Kocc Barma Fall’s biography, net worth, fact, career, awards and life story

Senegalese philosopher (1586-1655)









1586, Senegal, Senegal


(aged 69 years)

Kocc Barma Fall or Kotch Barma Fall, more commonly known as Kocc Barma, born Birima Maxuréja Demba Xolé Faal (1586-1655) was a Cayorian philosopher and a member of the laman class. Kocc Barma was an Ajoor-Ajoor – a Serer demonym, meaning an inhabitant of the Kingdom of Cayor, now part of present-day Senegal.

He is considered to be the greatest Senegalese thinker and philosopher and one of the prominent figures of African philosophy. His fertile imagination, his quick wit and his metaphorical sayings are part of the universe of Wolof culture. During his lifetime he was particularly concerned about the injustice of damels, whom he viewed as tyrannical.

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In popular cultureMore linksBiography
In popular culture
In Ousmane Sembène’s film Guelwaar, the actor playing the role of Guelwaar recited one of Kocc Barma’s proverbs in the film. In addressing the crowd celebrating the food aid they’ve been given by white people in the presence of the European delegation and the country’s political elite, Guelwaar took to the stage voicing his repulsion and shame of what he had witnessed before his very eyes, and reminded the crowd of the values of true African dignity and honour. In expressing his repulsion of the African leaders begging European powers for aid, and the humiliation and indignity thereof, he said:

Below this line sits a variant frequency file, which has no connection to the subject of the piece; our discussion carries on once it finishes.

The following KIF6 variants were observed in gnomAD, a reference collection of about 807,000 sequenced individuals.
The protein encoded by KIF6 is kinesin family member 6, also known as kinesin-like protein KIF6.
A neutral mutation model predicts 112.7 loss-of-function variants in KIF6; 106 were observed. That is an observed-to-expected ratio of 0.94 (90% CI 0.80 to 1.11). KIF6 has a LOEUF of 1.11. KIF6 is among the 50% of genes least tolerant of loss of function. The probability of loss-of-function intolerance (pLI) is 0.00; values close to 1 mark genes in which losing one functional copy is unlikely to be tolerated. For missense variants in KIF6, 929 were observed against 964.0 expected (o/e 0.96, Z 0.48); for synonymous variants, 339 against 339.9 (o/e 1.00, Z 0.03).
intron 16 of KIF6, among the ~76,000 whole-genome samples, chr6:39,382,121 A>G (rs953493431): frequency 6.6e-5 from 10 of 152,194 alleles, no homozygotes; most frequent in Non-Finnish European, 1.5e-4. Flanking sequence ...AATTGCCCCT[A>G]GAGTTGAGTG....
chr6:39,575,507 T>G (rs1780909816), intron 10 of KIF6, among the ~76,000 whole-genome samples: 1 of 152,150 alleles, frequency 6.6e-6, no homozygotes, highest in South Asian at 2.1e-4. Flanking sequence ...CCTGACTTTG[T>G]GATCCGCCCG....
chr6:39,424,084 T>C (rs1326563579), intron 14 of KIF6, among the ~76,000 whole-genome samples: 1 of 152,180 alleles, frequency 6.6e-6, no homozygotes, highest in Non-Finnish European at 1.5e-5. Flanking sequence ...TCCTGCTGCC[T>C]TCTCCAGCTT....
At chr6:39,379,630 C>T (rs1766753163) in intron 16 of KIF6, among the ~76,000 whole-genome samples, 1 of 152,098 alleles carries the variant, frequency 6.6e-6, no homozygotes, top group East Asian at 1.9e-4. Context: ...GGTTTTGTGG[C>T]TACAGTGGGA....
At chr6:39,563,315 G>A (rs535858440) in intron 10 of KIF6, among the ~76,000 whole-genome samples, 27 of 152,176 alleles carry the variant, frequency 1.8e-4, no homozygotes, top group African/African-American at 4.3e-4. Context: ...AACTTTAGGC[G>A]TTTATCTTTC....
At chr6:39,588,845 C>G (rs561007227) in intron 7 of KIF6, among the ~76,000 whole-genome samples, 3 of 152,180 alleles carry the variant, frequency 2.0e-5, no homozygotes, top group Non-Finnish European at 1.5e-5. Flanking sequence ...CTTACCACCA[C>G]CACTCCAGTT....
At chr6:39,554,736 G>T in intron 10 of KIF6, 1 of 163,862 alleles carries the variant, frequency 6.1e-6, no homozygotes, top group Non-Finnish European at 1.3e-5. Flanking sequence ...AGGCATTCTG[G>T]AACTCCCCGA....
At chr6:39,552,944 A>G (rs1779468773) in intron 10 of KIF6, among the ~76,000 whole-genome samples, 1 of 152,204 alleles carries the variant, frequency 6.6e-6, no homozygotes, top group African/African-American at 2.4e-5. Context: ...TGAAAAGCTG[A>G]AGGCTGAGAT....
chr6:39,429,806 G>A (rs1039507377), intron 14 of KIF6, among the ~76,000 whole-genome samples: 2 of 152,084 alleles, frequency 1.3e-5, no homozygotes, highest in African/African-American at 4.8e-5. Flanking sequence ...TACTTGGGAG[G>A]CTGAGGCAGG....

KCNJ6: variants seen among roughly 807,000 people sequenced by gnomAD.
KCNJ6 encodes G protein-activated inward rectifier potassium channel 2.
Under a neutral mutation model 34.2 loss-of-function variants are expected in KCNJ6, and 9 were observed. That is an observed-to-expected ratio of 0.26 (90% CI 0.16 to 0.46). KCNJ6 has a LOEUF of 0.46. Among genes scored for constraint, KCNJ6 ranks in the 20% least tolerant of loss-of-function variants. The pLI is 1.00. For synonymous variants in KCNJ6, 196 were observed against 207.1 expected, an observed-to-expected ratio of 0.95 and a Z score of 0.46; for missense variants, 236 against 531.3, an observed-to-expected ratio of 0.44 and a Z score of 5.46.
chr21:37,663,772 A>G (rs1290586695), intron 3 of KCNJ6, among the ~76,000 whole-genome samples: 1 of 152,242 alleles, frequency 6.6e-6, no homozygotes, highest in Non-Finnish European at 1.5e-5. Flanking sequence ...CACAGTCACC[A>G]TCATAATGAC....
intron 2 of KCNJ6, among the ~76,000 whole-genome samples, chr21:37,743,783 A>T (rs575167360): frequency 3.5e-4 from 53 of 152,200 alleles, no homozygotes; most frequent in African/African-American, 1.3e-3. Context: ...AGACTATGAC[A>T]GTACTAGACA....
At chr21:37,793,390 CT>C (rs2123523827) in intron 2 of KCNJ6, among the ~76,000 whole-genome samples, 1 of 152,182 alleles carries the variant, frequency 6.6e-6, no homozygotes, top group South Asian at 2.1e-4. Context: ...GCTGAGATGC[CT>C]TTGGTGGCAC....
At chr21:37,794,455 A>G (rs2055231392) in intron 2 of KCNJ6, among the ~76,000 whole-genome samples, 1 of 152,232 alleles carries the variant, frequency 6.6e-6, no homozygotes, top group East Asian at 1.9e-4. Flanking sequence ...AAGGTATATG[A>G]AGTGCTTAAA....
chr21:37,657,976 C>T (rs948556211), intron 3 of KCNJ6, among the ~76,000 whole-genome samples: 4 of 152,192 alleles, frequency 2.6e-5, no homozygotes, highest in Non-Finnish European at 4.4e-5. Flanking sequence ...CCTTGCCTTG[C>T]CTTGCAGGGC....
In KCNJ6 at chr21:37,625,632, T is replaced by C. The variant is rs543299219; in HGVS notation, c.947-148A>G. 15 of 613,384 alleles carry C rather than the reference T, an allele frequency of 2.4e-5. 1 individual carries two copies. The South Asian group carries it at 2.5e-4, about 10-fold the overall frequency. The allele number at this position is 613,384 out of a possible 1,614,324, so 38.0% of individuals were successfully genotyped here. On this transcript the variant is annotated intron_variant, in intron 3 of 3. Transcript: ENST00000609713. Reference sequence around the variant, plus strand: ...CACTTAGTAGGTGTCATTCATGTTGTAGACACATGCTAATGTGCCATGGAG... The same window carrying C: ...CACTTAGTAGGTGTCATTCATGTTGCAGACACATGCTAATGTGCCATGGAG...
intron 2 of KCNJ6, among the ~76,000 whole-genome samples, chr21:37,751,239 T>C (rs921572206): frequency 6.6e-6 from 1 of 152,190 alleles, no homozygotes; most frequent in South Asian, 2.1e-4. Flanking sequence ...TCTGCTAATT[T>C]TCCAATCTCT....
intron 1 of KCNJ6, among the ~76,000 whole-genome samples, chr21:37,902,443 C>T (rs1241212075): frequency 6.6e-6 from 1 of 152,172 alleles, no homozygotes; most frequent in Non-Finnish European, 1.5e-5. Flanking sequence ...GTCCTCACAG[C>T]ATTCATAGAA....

“Our ancestor Kocc Barma said:”
“If you want to kill a proud man, give him what he needs to live everyday. In the long run you’ve made him a serf.”

Following that speech, the crowd refused to accept the food aid to the dismay of the country’s political elite and the Western delegation on the stage.

David Murphy states that “Kocc Barma’s words and acts have passed into Senegalese folklore to such an extent that proverbs are often introduced by the phrase ‘Kocc Barma said’, whether this is true or not”.

More links

History of Senegal
History of The Gambia


Ware, Rudolph T., The Walking Qurʼan: Islamic Education, Embodied Knowledge, and History in West Africa, UNC Press Books (2014), p. 101, ISBN 9781469614311 [2] (retrieved 18 Jan 2019)
Murphy, David, Sembene: Imagining Alternatives in Film & Fiction. James Currey Publishers (2000), p. 63. ISBN 9780852555552
Diagne, Léon Sobel, « Le problème de la philosophie africaine » (2004), p. 10 (archived by French Wikipedia)

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